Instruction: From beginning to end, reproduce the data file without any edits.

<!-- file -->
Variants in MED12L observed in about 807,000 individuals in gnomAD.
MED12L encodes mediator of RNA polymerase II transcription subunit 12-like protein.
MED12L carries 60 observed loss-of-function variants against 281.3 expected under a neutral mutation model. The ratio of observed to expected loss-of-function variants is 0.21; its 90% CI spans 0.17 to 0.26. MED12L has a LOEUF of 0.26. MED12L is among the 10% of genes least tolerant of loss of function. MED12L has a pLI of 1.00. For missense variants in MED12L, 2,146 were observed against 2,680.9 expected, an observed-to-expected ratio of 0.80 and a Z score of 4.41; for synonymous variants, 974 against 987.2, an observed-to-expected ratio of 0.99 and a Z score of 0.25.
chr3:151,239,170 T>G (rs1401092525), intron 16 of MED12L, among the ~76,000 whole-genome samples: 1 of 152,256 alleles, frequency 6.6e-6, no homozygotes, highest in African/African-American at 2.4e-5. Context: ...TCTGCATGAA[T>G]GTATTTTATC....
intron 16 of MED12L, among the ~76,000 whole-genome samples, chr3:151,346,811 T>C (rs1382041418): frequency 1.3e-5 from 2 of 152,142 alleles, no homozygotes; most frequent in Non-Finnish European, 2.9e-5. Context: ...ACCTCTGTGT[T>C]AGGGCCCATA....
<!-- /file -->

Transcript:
Variants in MED12L observed in about 807,000 individuals in gnomAD.
MED12L encodes mediator of RNA polymerase II transcription subunit 12-like protein.
MED12L carries 60 observed loss-of-function variants against 281.3 expected under a neutral mutation model. The ratio of observed to expected loss-of-function variants is 0.21; its 90% CI spans 0.17 to 0.26. MED12L has a LOEUF of 0.26. MED12L is among the 10% of genes least tolerant of loss of function. MED12L has a pLI of 1.00. For missense variants in MED12L, 2,146 were observed against 2,680.9 expected, an observed-to-expected ratio of 0.80 and a Z score of 4.41; for synonymous variants, 974 against 987.2, an observed-to-expected ratio of 0.99 and a Z score of 0.25.
chr3:151,239,170 T>G (rs1401092525), intron 16 of MED12L, among the ~76,000 whole-genome samples: 1 of 152,256 alleles, frequency 6.6e-6, no homozygotes, highest in African/African-American at 2.4e-5. Context: ...TCTGCATGAA[T>G]GTATTTTATC....
intron 16 of MED12L, among the ~76,000 whole-genome samples, chr3:151,346,811 T>C (rs1382041418): frequency 1.3e-5 from 2 of 152,142 alleles, no homozygotes; most frequent in Non-Finnish European, 2.9e-5. Context: ...ACCTCTGTGT[T>C]AGGGCCCATA....